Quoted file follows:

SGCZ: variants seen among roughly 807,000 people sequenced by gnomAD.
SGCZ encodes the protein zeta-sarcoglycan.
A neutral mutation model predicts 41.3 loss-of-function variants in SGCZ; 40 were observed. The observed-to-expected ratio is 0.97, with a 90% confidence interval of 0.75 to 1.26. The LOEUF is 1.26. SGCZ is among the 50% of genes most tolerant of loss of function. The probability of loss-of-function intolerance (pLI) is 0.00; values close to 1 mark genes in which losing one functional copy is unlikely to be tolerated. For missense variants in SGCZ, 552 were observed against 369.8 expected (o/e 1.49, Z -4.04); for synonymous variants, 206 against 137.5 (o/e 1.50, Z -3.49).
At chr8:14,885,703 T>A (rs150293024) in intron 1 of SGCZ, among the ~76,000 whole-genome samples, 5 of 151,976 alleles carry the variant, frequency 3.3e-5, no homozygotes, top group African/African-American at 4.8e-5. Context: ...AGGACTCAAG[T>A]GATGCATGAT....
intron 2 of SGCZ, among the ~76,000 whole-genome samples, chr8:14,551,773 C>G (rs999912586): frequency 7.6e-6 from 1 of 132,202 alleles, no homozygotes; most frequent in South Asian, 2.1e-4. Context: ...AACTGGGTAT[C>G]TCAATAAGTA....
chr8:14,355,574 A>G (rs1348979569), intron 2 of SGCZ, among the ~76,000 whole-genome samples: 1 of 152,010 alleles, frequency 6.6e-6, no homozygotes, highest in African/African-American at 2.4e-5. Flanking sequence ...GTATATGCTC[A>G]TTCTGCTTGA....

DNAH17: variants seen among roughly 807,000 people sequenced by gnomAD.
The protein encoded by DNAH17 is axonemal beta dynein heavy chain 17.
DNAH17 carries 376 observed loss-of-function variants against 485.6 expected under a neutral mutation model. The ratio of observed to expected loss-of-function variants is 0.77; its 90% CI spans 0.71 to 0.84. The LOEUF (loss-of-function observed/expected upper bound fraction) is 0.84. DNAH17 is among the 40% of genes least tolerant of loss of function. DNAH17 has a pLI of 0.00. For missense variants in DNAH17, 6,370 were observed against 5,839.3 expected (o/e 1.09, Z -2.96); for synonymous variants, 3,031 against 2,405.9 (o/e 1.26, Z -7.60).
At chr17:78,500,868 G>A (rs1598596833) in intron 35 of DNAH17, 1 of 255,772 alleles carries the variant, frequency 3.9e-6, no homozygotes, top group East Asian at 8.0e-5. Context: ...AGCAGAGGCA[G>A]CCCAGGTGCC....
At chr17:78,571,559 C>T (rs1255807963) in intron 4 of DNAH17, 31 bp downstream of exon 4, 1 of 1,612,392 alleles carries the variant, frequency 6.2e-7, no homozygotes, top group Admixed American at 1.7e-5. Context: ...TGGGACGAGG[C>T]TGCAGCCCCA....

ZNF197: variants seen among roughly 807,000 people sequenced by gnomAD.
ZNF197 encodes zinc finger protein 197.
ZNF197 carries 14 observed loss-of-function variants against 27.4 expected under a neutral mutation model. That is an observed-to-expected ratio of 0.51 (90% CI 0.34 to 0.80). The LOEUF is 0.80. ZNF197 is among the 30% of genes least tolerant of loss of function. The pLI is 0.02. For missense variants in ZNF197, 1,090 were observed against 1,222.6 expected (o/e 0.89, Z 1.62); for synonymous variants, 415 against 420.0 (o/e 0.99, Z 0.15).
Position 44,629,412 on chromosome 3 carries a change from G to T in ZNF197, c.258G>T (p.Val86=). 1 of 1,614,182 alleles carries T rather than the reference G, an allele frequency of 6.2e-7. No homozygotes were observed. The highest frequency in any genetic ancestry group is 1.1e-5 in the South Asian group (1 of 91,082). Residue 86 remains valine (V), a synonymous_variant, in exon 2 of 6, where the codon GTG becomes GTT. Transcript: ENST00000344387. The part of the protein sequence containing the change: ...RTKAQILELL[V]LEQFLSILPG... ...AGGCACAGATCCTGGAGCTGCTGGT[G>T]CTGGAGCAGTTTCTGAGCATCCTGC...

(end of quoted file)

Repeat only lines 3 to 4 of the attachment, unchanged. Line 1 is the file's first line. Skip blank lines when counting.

A neutral mutation model predicts 41.3 loss-of-function variants in SGCZ; 40 were observed. The observed-to-expected ratio is 0.97, with a 90% confidence interval of 0.75 to 1.26. The LOEUF is 1.26. SGCZ is among the 50% of genes most tolerant of loss of function. The probability of loss-of-function intolerance (pLI) is 0.00; values close to 1 mark genes in which losing one functional copy is unlikely to be tolerated. For missense variants in SGCZ, 552 were observed against 369.8 expected (o/e 1.49, Z -4.04); for synonymous variants, 206 against 137.5 (o/e 1.50, Z -3.49).
At chr8:14,885,703 T>A (rs150293024) in intron 1 of SGCZ, among the ~76,000 whole-genome samples, 5 of 151,976 alleles carry the variant, frequency 3.3e-5, no homozygotes, top group African/African-American at 4.8e-5. Context: ...AGGACTCAAG[T>A]GATGCATGAT....